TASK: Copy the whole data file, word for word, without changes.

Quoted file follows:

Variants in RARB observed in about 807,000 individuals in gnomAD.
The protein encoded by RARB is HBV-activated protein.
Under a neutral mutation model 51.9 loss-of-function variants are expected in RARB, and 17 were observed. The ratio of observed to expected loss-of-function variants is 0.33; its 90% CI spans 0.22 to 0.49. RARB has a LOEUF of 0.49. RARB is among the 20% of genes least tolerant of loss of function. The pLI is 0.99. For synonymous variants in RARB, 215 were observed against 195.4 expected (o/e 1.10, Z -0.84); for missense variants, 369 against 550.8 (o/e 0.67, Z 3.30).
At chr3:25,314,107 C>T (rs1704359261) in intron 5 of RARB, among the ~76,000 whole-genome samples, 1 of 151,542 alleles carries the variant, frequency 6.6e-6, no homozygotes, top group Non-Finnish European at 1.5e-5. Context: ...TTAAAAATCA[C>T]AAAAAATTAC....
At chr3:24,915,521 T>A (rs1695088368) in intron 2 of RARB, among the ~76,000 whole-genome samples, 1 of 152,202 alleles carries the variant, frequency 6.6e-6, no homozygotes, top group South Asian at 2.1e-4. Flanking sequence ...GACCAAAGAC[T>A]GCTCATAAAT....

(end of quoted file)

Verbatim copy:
Variants in RARB observed in about 807,000 individuals in gnomAD.
The protein encoded by RARB is HBV-activated protein.
Under a neutral mutation model 51.9 loss-of-function variants are expected in RARB, and 17 were observed. The ratio of observed to expected loss-of-function variants is 0.33; its 90% CI spans 0.22 to 0.49. RARB has a LOEUF of 0.49. RARB is among the 20% of genes least tolerant of loss of function. The pLI is 0.99. For synonymous variants in RARB, 215 were observed against 195.4 expected (o/e 1.10, Z -0.84); for missense variants, 369 against 550.8 (o/e 0.67, Z 3.30).
At chr3:25,314,107 C>T (rs1704359261) in intron 5 of RARB, among the ~76,000 whole-genome samples, 1 of 151,542 alleles carries the variant, frequency 6.6e-6, no homozygotes, top group Non-Finnish European at 1.5e-5. Context: ...TTAAAAATCA[C>T]AAAAAATTAC....
At chr3:24,915,521 T>A (rs1695088368) in intron 2 of RARB, among the ~76,000 whole-genome samples, 1 of 152,202 alleles carries the variant, frequency 6.6e-6, no homozygotes, top group South Asian at 2.1e-4. Flanking sequence ...GACCAAAGAC[T>A]GCTCATAAAT....